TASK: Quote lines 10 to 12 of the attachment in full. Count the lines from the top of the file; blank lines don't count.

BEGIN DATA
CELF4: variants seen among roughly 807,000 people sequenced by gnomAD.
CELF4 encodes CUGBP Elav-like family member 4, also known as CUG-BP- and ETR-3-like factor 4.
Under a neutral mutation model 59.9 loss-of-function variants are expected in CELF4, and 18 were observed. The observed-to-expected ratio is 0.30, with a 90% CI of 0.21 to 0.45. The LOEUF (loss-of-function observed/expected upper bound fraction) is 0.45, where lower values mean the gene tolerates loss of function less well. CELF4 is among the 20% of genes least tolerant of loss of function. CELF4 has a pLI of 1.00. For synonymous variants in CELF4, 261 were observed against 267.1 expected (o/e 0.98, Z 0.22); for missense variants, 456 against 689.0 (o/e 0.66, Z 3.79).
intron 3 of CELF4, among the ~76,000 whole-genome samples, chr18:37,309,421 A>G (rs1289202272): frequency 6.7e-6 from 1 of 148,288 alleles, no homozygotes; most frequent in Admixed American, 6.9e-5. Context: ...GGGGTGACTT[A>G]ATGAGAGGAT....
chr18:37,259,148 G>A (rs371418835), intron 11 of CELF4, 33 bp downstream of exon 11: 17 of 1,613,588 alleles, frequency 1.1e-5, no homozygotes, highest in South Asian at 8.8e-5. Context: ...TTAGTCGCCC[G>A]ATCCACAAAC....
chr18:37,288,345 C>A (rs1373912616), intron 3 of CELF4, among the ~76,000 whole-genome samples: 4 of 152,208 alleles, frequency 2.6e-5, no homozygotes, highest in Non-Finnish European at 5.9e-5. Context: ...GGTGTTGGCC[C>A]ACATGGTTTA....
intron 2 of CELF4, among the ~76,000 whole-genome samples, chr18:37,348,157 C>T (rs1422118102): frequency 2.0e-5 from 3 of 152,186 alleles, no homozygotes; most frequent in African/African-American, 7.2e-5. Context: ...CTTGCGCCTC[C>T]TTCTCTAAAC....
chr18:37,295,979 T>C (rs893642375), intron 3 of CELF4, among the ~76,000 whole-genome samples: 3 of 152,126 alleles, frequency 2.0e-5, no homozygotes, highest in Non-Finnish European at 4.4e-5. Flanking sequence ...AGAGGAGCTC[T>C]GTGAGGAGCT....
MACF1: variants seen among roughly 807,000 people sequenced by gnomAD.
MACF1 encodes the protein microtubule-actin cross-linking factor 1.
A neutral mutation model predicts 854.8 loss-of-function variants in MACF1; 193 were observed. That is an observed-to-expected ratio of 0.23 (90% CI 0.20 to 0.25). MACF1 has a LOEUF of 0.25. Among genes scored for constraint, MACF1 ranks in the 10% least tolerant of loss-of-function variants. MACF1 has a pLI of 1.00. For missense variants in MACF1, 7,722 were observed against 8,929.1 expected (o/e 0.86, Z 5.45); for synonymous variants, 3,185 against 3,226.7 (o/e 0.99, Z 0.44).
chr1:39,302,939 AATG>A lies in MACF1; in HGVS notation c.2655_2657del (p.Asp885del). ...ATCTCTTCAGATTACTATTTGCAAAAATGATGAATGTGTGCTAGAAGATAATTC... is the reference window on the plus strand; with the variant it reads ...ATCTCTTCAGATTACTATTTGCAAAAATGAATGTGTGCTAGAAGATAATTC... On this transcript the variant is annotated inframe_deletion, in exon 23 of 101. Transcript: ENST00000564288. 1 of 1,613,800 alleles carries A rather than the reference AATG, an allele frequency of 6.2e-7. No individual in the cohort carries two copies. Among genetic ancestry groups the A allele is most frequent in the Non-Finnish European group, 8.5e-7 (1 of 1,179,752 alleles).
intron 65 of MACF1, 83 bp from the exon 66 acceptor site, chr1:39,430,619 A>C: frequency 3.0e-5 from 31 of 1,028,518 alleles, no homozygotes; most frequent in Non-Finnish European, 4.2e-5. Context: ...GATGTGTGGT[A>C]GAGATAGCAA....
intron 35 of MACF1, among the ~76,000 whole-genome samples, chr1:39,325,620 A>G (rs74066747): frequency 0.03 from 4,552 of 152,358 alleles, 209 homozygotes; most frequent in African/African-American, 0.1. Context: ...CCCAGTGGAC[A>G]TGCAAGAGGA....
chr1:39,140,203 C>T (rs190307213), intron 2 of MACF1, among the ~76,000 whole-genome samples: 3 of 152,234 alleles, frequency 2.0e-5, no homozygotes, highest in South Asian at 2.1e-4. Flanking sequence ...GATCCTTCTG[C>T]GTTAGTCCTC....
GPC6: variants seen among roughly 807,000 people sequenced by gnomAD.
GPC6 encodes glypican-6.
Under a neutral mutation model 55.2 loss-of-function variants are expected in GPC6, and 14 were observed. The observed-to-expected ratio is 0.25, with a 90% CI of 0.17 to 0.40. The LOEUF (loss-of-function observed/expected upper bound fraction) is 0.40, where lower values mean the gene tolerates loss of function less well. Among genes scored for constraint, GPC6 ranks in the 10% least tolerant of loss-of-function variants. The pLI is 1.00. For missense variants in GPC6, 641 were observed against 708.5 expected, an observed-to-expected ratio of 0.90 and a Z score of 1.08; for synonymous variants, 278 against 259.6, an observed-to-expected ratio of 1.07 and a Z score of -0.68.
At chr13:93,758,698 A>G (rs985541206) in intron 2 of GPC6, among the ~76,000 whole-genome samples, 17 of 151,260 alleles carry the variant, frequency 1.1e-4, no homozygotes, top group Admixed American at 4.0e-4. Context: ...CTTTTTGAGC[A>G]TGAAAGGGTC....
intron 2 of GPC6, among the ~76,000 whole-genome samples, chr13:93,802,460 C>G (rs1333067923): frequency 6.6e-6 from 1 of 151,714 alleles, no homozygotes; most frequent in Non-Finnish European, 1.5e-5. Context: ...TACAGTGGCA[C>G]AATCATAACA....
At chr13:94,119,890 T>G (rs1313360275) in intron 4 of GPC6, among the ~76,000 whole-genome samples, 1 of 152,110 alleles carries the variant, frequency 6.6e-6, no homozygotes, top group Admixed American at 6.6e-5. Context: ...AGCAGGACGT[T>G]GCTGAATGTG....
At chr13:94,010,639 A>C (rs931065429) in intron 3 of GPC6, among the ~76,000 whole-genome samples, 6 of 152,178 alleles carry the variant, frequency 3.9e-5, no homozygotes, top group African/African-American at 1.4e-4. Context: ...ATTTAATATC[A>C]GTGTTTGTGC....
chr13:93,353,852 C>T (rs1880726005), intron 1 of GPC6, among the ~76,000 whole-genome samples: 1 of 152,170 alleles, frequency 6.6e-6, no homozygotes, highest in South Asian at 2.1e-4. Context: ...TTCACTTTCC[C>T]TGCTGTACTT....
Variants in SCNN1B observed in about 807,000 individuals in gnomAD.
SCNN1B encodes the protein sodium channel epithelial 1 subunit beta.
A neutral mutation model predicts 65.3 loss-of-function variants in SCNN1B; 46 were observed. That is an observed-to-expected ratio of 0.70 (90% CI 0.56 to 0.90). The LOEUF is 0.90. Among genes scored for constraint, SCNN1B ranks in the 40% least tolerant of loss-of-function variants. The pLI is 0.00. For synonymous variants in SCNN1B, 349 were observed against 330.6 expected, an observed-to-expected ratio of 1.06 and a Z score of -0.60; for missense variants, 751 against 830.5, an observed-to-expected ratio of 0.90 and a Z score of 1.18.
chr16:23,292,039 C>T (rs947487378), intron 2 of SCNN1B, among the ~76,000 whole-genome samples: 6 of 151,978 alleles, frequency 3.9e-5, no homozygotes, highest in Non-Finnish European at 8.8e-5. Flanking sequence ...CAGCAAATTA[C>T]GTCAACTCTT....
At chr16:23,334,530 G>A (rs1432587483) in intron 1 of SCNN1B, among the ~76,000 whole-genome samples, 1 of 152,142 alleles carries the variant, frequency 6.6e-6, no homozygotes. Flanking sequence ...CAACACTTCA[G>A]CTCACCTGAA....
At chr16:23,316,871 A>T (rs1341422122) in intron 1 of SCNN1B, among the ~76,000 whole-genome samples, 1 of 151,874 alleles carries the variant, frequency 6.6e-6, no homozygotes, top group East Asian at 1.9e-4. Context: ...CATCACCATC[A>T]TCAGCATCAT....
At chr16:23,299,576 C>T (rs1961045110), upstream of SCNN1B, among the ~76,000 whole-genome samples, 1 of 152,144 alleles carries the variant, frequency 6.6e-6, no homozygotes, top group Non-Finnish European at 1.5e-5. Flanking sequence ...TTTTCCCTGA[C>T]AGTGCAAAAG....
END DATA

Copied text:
MACF1 encodes the protein microtubule-actin cross-linking factor 1.
A neutral mutation model predicts 854.8 loss-of-function variants in MACF1; 193 were observed. That is an observed-to-expected ratio of 0.23 (90% CI 0.20 to 0.25). MACF1 has a LOEUF of 0.25. Among genes scored for constraint, MACF1 ranks in the 10% least tolerant of loss-of-function variants. MACF1 has a pLI of 1.00. For missense variants in MACF1, 7,722 were observed against 8,929.1 expected (o/e 0.86, Z 5.45); for synonymous variants, 3,185 against 3,226.7 (o/e 0.99, Z 0.44).
chr1:39,302,939 AATG>A lies in MACF1; in HGVS notation c.2655_2657del (p.Asp885del). ...ATCTCTTCAGATTACTATTTGCAAAAATGATGAATGTGTGCTAGAAGATAATTC... is the reference window on the plus strand; with the variant it reads ...ATCTCTTCAGATTACTATTTGCAAAAATGAATGTGTGCTAGAAGATAATTC... On this transcript the variant is annotated inframe_deletion, in exon 23 of 101. Transcript: ENST00000564288. 1 of 1,613,800 alleles carries A rather than the reference AATG, an allele frequency of 6.2e-7. No individual in the cohort carries two copies. Among genetic ancestry groups the A allele is most frequent in the Non-Finnish European group, 8.5e-7 (1 of 1,179,752 alleles).